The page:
The idea that technology will fix complex and systemic problems like climate change, poverty, the housing crisis or health care is simplistic to say the least. We need a radical shift in how we live, and designing for environmental and social sustainability cannot simply be about applying new technologies to our existing models of living.
We need to support models of living that can both improve our actual well-being and reduce material demands on the planet. Existing models of urban development that can achieve these goals are taking hold across North America. One example is collaborative housing or cohousing. As municipalities consider the development of smart cities, they have to consider how citizens contribute to the relative “intelligence” of a city. Cohousing is just one such model as it both a form and a process of design for co-operation that helps create vibrant and resilient communities.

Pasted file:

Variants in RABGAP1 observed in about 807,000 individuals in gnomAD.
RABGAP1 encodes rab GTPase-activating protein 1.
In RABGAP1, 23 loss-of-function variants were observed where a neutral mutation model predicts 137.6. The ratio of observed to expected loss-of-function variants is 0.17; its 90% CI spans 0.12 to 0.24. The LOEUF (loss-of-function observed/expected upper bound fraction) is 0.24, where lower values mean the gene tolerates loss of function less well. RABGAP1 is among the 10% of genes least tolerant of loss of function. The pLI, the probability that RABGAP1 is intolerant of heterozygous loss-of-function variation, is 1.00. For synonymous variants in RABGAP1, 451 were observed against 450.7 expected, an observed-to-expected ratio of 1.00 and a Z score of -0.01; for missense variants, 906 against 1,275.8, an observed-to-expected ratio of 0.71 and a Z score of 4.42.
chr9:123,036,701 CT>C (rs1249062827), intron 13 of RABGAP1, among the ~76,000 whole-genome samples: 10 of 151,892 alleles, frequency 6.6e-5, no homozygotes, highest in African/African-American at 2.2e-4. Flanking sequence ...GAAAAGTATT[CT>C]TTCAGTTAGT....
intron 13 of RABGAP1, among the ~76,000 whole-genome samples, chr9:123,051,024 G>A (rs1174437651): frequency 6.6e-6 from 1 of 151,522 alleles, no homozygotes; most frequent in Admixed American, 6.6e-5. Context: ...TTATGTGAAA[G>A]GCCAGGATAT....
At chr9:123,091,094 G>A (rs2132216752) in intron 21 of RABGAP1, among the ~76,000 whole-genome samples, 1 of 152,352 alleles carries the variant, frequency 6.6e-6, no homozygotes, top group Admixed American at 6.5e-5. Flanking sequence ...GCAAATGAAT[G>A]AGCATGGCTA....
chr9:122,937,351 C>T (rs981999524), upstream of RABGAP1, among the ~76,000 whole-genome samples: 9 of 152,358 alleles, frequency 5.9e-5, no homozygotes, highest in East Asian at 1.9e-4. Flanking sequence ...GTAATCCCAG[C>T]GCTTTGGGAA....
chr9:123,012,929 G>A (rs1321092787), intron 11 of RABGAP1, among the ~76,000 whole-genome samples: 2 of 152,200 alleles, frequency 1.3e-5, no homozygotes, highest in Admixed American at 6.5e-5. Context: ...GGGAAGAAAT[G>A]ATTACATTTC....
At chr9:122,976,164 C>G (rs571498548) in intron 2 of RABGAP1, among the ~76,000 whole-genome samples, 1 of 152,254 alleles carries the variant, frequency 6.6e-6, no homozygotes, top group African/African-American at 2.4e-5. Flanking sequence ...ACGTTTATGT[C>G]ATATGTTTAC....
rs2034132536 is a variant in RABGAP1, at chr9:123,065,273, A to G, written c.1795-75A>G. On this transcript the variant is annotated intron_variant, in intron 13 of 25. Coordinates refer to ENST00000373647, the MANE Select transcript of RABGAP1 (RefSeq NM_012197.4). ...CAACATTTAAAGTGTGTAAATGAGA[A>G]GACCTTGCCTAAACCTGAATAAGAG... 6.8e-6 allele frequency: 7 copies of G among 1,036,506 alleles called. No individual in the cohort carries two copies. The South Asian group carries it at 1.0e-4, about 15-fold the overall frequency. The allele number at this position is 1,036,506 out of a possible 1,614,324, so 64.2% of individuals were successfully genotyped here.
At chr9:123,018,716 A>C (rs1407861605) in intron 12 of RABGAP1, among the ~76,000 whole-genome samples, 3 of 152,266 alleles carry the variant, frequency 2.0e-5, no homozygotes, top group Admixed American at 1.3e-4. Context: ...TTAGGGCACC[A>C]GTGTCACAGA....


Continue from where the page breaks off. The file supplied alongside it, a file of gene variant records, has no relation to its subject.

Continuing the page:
Alphabet’s Sidewalk Labs is mapping out a new kind of neighbourhood that would redevelop a 12-acre waterfront district in Toronto called Quayside from “the internet up.”